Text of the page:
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Twice successor to Dr Dakin, Bishop Mounstephen is translated to Winchester

06 July 2023

Diocese of Winchester

The Bishop of Truro, the Rt Revd Philip Mounstephen

The Bishop of Truro, the Rt Revd Philip Mounstephen

THE Bishop of Truro, the Rt Revd Philip Mounstephen, has been nominated as the next Bishop of Winchester, it was announced on Thursday. It is two years since his predecessor there, Dr Tim Dakin, resigned after a breakdown in relations with the diocese.

On Thursday, Bishop Mounstephen said that the past two years had been an “incredibly fruitful, healing, and hopeful time” for the diocese of Winchester. “I think it’s a place that is in the process of change, transformation, becoming a more hopeful place, and I simply want to build on the excellent work that has gone on.”

Bishop Mounstephen, who turns 64 next week, said on Thursday in a press release issued by his diocese that he had expected that his post in Truro — taken up in 2018 — would be his last before retirement, “but it seems that God has other plans. . . the people responsible, both locally and nationally, for the appointment in Winchester have concluded that there is a ‘Philip-shaped’ job to be done in their diocese.” Like Dr Dakin, he is a former head of the Church Mission Society.

The move to Winchester represented a “coming home” he said, as he was born in Hampshire. The film announcing his appointment begins outside the student accommodation of Southampton University, where, in October 1978, he came to faith, “the turning point of my whole life”.

In January 2022, the Archbishop of Canterbury set four priorities for the diocese Winchester: to restore morale, nurture reconciliation, ensure financial confidence, and refocus on growth. Dr Dakin’s resignation took place before a vote of no confidence could take place at a meeting of the diocesan synod (News, 23 July 2021). Signatories of a draft motion complained that, although the national Church was committed to “fostering a culture that is open and transparent”, “. . . We do not have confidence in the diocesan bishop to set this culture or to lead by example, due to allegations of poor behaviour and mistreatment on his part of a number of individuals.”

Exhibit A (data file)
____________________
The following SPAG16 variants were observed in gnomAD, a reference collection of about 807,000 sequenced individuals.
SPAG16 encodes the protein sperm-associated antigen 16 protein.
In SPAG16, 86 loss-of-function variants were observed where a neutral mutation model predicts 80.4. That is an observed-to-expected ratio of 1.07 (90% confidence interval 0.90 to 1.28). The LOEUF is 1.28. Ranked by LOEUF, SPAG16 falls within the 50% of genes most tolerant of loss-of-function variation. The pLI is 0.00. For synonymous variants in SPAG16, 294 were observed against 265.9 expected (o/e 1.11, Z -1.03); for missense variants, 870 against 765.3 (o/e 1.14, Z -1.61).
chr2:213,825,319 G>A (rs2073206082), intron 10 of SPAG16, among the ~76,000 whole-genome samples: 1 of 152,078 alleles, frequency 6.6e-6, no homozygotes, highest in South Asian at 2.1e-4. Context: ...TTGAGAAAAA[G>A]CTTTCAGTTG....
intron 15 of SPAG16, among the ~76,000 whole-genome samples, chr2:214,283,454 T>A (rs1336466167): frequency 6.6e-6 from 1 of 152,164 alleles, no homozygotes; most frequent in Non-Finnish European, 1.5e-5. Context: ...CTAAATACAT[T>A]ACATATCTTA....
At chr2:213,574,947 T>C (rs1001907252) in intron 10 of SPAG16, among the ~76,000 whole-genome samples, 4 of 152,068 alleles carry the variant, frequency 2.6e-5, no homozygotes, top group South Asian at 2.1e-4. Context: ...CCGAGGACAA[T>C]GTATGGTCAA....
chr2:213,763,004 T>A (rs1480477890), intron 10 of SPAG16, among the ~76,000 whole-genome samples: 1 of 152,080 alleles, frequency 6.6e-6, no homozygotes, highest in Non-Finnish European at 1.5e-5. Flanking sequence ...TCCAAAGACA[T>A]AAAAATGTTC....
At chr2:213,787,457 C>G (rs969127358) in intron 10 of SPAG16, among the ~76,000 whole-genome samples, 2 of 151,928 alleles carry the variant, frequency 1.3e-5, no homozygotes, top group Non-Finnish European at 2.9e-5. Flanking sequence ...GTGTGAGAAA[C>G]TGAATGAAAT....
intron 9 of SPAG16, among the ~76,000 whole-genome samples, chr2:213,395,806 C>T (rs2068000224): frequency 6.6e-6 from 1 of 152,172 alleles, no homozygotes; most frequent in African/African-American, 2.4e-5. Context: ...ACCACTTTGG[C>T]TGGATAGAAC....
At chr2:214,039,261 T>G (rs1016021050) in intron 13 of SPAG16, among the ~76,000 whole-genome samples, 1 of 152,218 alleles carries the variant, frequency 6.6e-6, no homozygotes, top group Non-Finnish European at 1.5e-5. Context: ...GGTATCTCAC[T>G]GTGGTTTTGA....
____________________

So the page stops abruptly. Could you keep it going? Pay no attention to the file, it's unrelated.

On Thursday, Bishop Mounstephen said that he saw Bishop’s ministry in Winchester “as essentially a pastoral one, and I am very much at heart a pastor . . . The key role of a Bishop is to help the Church be its best self, to reflect most clearly and evidently the love of Jesus Christ that we are called to serve.”

While there were multiple aspects to church leadership, “you can’t do any of that unless the Church itself is pastored and loved and cared for.”

The vacancy-in-see statement of needs produced for Winchester included a description of the character of the bishop sought. He or she should have a “wise, warm and generous heart”, “the soul of a servant who seeks faithfully to serve Jesus Christ, His Kingdom, Church and all God’s people with tenderness and humility”, and “open arms and a hospitable spirit”. The diocese sought a bishop “who knows themselves, their strengths and weaknesses, who understands that they cannot bear the weight of their calling in their own strength and that they need to work collaboratively to fulfil their call”.

While acknowledging that a “crisis of leadership” had occurred, it suggested that events were “not all represented accurately in the media” and emphasised that Winchester was “a good place with good and faithful people. . . We want to acknowledge this recent past, with the complex mix of disappointment, hurt and anger felt by so many. But the situation has changed and continues to change as we move forward.

“As we have reflected on the unprecedented situation which arose, and worked to restore trust and heal fractured relationships, what has emerged is an evident willingness to do things differently, to acknowledge a degree of shared responsibility for what happened, and to go on being alert for any issues still to be faced.”

Dr Dakin’s resignation followed a period of widespread restructuring in the diocese of Winchester. His critics spoke of poor governance and financial management, as well as the toll of pastoral reorganisation and the loss of clergy posts.

Dr Dakin had, unusually for a diocesan bishop, chaired the diocese’s board of finance. In his resignation letter, he wrote that, “in trying to secure a sustainable future for the growth of the Diocese, it is clear that I’ve not done enough to acknowledge what we have lost in this process. To those I’ve hurt or let down, I am sorry. I realise that the steps taken to stabilize the finances continue to cause upset.”

The vacancy-in-see statement refers to a “challenging time financially” in recent years. Since 2020, an eight-per-cent decline in attendance had occurred in addition to “increasing costs, and the loss of substantial parish income during the pandemic”. It speaks of the need to explore “different approaches to how we steward our finances and assets, seeking new ways to invest in sustainable ministry and increase resilience”.